When Islamic State (IS) seized control of Iraq's second largest city, Mosul, in June 2014, along with other parts of the predominantly Sunni Arab north-west, Iraq's Shia militia were mobilised to launch a counter-offensive against the jihadists.
The collapse of Iraq's armed forces in the face of the IS advance led to these militia playing a pivotal role in government security operations over the past year, most notably in Tikrit.
However, they have also come under criticism for alleged human rights abuses, a charge their commanders deny.
Iraq's Shia militia are part of a broader mobilisation of the majority Shia community, which has traditionally aimed to contest power in the country and, prior to 2003, remedy the Shia's history of oppression at the hands of the Iraqi state.
Shia mobilisation and activism in Iraq intensified with the Baathist coup in 1968 and the regime's collective suppression of the community, although some Shia were co-opted.
After the 1979 Islamic revolution in Iran, Shia actors, like the Islamic Dawa Party (of Iraq's current prime minister), mobilised the Shia community to try to overthrow the Baath regime but the attempt failed.
The 1980-1988 Iran-Iraq war then saw various Shia groups take up arms against Saddam Hussein, with patronage from Iran, but this was to no avail as neither side was able to defeat the other during the costly war of attrition.
Another rebellion was launched in 1991, following the first Gulf War. Looking to capitalise on a weakened Iraqi army, as well as an apparent endorsement from then US President George HW Bush, Iraqi Shia launched an uprising in mainly Shia provinces of the south.
But no US support materialised and the regime's indiscriminate crackdown on the population saw tens of thousands killed. Shia shrines, centres of learning and communities were also destroyed.
Following the fall of Saddam Hussein, Shia fighters that had previously fought the Baath regime were integrated into the reconstituted Iraqi army and the country's police force.
However, some also remained militia members and fought a sectarian war with Sunni militants, which reached its apex in 2006.
As a result of sectarian warfare and disastrous post-conflict reconstruction, Shia militia that functioned independently of the state became increasingly widespread and powerful.
They were responsible for much of the lawlessness and crime in the country, including attacks on US and British occupation forces, as well as Western civilians working in Iraq.
Shia militia have their own differences and fought one another over the past decade. However, when IS seized control of much of northern and western Iraq they unified as part of a concerted effort to defend their country and places of worship.
This is not to say that intra-Shia clashes will not take place again in the future.
To swell the ranks of the anti-IS forces, in the absence of a functioning Iraqi army, Iraq's Grand Ayatollah Sistani, the leading cleric in the Shia world, issued a religious edict calling on Iraqis to take up arms.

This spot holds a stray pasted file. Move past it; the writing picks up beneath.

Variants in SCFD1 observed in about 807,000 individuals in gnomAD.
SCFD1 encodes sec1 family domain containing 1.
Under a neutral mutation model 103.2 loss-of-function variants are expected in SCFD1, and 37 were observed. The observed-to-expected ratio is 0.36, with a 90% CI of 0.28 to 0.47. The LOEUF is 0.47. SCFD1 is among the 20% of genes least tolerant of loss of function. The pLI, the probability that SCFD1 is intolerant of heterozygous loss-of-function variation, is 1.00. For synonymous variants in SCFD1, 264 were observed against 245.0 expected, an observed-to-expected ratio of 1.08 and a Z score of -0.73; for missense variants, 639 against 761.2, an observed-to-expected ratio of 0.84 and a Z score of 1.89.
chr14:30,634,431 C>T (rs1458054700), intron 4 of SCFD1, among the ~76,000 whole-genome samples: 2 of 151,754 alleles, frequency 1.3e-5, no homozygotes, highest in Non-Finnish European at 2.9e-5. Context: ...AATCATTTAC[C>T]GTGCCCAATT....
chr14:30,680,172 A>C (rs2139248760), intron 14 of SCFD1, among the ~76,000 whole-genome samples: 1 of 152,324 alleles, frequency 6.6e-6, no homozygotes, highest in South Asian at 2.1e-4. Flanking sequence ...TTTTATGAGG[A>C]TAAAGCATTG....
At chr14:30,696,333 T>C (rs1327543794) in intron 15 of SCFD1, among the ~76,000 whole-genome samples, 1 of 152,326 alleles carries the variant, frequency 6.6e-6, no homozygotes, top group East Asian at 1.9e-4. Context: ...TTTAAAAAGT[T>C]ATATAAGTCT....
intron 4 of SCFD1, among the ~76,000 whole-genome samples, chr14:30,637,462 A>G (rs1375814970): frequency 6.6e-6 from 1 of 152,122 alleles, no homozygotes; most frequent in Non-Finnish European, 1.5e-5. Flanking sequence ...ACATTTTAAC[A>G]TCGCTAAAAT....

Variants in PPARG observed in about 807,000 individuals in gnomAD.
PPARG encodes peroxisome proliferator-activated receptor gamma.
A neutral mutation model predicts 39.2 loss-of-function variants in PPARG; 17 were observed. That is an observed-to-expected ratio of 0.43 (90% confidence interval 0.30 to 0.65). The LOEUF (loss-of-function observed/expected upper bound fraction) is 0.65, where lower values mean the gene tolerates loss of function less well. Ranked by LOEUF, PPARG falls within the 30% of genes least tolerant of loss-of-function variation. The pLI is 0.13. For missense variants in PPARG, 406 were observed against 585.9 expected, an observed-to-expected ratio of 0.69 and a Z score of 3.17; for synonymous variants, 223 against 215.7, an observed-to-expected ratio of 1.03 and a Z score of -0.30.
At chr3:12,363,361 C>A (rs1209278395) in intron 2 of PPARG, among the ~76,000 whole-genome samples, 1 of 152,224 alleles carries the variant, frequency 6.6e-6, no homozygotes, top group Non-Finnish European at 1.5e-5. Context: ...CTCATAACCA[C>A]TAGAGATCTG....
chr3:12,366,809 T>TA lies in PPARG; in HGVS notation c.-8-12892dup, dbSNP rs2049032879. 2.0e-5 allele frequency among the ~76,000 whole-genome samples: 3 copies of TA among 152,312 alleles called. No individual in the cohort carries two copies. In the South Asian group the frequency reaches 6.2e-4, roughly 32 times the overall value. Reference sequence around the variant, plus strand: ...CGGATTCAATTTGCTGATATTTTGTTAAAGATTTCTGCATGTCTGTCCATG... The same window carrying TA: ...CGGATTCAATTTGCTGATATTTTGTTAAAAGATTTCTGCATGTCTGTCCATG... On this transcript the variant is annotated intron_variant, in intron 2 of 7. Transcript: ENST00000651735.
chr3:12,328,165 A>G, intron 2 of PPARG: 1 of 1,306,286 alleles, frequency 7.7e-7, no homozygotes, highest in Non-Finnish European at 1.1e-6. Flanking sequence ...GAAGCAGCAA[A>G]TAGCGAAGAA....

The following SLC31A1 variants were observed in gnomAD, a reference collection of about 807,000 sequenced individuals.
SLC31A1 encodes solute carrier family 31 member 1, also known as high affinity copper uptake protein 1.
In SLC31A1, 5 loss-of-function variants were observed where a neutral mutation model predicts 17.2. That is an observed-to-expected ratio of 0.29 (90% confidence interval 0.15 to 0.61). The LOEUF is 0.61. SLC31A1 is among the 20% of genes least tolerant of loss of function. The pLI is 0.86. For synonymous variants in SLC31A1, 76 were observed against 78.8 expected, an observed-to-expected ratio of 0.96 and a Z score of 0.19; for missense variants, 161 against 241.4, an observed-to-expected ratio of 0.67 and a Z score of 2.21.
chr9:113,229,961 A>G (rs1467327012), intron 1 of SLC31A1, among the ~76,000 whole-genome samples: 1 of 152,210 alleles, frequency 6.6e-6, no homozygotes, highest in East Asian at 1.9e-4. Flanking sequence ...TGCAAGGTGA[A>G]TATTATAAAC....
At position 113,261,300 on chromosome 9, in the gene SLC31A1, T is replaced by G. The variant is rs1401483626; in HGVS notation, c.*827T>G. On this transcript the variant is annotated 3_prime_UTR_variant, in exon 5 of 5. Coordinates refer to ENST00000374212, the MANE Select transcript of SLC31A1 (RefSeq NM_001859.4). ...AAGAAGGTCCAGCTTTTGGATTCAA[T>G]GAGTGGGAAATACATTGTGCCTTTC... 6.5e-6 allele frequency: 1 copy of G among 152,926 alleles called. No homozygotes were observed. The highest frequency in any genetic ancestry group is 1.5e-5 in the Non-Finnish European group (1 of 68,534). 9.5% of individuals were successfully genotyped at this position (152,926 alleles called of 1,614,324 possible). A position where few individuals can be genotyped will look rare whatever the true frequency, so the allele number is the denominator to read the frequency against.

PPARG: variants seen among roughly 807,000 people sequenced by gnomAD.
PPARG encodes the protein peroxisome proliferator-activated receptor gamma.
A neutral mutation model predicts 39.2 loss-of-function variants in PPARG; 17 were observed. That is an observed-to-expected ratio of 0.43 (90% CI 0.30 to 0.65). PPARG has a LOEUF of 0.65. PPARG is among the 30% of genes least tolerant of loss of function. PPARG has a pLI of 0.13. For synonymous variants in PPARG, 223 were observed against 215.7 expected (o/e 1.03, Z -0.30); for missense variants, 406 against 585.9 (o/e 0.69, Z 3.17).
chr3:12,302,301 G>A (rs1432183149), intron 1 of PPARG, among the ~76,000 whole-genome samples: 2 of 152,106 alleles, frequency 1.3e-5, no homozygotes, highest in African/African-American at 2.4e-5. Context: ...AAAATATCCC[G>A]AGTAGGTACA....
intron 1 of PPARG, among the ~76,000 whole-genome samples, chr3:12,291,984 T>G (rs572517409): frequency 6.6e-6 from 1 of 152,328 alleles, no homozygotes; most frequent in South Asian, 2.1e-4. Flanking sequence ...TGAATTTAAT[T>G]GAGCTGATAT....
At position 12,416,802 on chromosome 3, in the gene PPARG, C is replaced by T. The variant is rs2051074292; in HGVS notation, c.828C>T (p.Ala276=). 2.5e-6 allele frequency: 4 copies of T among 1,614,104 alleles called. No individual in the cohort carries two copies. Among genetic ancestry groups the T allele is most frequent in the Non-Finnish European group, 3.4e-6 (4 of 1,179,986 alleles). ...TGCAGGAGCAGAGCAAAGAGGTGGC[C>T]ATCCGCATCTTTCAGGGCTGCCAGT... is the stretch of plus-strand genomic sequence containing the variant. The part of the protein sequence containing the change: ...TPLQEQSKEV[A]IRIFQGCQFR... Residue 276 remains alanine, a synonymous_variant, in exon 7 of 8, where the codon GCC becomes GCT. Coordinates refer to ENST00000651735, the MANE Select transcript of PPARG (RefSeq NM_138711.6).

Tens of thousands of Shia volunteers, as well as many Sunni tribal fighters, were immediately mobilised as a result to form what is known as the Popular Mobilisation. The Washington Post reports that Shia militia comprise up to 120,000 fighters.
The proliferation of Shia militia in Iraq after 2003 was also fuelled by the support Iran gave Shia bodies willing to act as its proxies.
Iran has actively supported Iraq's Shia groups since 1979. The most powerful militia group in Iraq today is the Badr Brigade, which was formed in and by Iran in the early 1980s, during the Iran-Iraq war.
Iran has considerable influence over Iraq's Shia militia because of its heavy on-the-ground presence.
Iran was the only outside power that deployed advisers and special forces in the country when IS took control of Mosul and directly organised the anti-IS offensive.
However, it does not have the same level of influence over all militia.
The Badr Brigade, whilst considerably close to Iran, could still function without Iranian support and has done so before, given its entrenchment in the Iraqi state (its head, Hadi al-Ameri, is a former Transport Minister).
A large number of the militia in the Popular Mobilisation also report to local Iraqi figures, as opposed to Iran.
On the other hand, weaker splinter groups which emerged after 2003 are more dependent on Iranian support and some are widely reported to be receiving orders directly from Iran.
In the near future, Iraq is likely to continue to depend on the militias to contain IS and maintain security in the country.
While Iraq's Shia militia cannot be eliminated, given their entrenchment within the Shia community and the Iraqi state, they can be regulated but that is only likely to happen once the threat from IS has abated and the country has a fully functioning army.
Ranj Alaaldin is a Visiting Scholar at Columbia University and a Doctoral Researcher at the London School of Economics, where he specialises in Iraqi history and politics. His research currently looks at the history of Iraq's Shia movements. Follow him @RanjAlaaldin